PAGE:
ER: My main collaboration so far is a story called ID that is going to be published split into two, in the first and second issues of Island. The first chapter is 24 pages and the second one 36, and it gives a glimpse into the lives of three people who are considering the body transplantation as an option to improve their happiness.
It plays with the idea of identity and with the gap between how we see ourselves and how others look at you, which in a different level, is somehow connected with how I feel trying to express my real self in a different language than my own.
The best part is that during the process I was able to talk about the whole thing with a neurologist friend, Miguel Alberte-Woodward, and speculate about brain transplants and ways to do it. For example, at the beginning I proposed someone rebuilt in an empty matrix, with stem cells and a brain map to follow the consequent programming, to which he raised an eyebrow and answered something like, “Hey Emma, you can do that with a heart, but a heart is nothing but a twisted butt,” and so on. I always dug hard sci-fi so much, even if I can only understand half of the concepts in books by [Greg] Egan or [Kim] Stanley Robinson, or those crazy pages by [Masamune] Shirow about made-up science and technology. Well, ID is the closest thing to that I was able to do in my whole life, and it felt like a blast. But as heavy as this may sound, I have to admit it’s not that the story focuses on that as a plot alone—it’s basically casual and character driven. I intended to play the characters involved as regular people and frivolize a bit with their struggling through a few jokes and stupid human behavior.
Besides the beginning of ID, in the first issue I also collaborated with my sister Kelly Sue DeConnick, illustrating an incredibly touching prose piece she wrote about her friend and poet Maggie Estep who passed away last year, and I also prepared the cover for the second issue.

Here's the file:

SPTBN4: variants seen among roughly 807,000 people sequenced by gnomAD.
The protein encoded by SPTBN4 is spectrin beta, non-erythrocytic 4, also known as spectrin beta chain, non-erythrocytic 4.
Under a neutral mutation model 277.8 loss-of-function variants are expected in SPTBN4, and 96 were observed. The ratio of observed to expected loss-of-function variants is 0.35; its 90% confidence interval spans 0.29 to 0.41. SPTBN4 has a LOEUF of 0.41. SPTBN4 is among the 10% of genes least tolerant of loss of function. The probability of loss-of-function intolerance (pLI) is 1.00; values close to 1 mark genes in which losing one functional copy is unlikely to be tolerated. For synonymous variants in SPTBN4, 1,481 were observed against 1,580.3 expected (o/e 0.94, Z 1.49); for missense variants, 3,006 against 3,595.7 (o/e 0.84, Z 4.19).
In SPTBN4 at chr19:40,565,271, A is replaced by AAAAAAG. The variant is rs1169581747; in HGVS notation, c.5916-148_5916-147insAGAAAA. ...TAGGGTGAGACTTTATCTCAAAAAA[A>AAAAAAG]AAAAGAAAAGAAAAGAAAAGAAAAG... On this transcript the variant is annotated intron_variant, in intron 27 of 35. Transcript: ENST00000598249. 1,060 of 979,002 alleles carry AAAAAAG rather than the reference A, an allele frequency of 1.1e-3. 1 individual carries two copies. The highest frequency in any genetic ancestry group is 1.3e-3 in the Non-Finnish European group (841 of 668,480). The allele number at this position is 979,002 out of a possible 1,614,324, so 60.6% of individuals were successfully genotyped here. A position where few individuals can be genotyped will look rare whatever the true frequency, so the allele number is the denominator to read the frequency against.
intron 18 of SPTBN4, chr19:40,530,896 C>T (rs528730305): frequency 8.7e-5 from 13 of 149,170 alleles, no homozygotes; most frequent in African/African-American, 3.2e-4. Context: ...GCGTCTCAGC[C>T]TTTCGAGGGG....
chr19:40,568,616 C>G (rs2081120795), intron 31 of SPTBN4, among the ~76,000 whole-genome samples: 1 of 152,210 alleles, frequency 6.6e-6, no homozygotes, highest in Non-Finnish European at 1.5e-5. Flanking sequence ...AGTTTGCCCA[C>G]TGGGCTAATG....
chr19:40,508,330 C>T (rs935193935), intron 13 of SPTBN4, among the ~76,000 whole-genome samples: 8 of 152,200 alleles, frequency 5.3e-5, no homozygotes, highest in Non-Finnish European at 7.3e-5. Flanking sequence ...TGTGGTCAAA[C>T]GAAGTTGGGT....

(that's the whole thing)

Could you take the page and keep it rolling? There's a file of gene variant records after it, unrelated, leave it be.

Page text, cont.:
BG: Along with Emma, I’m putting the issues together, picking the creators whose work goes in the book and doing all the design stuff that Addison [Duke] at Image doesn’t do. Also I’m using Island as a space to run my Russian werewolf epic Multiple Warheads. And whatever else I want to write and draw.
AVC: Anthologies traditionally haven’t really caught on in the North American comics market—what made you decide upon this format?
ER: Well, I personally think it’s a good way to build, and show, a community of creators that look at comics in a similar way, and feel close to one another. Of course we are worried about the format not being affordable but, you know, it’s a gamble. Brandon and I joke from time to time about “the risk being The Life” and about being pretentious, to improve and move forward. Image is so supportive letting us do what we want and we are, somehow, responsible for trying hard.
I honestly hope people get excited and realize that, in the end, all those pages and ideas, and all the effort we are all making on the project, make the price ridiculously cheap.
L: Personally I’m excited to be a part of this anthology because at this moment there are so many interesting creators taking comics in new directions. People are trying different things and nothing is too solidified yet. It’s an exciting time to be a comic reader. As a reader I would love to have a place where I know I can find some of this new content every month. If this is interesting to us, it feels like there must be other people out there who are looking for the same thing.
BG: I think it can work. Maybe it’s stubbornness or the want to try something that I find exciting. I had to think about why I personally don’t buy most anthologies. The one I have a really warm feeling about was Heavy Metal in the era when an issue would have a full 60-ish-something page European graphic novel in it. You got a whole comic.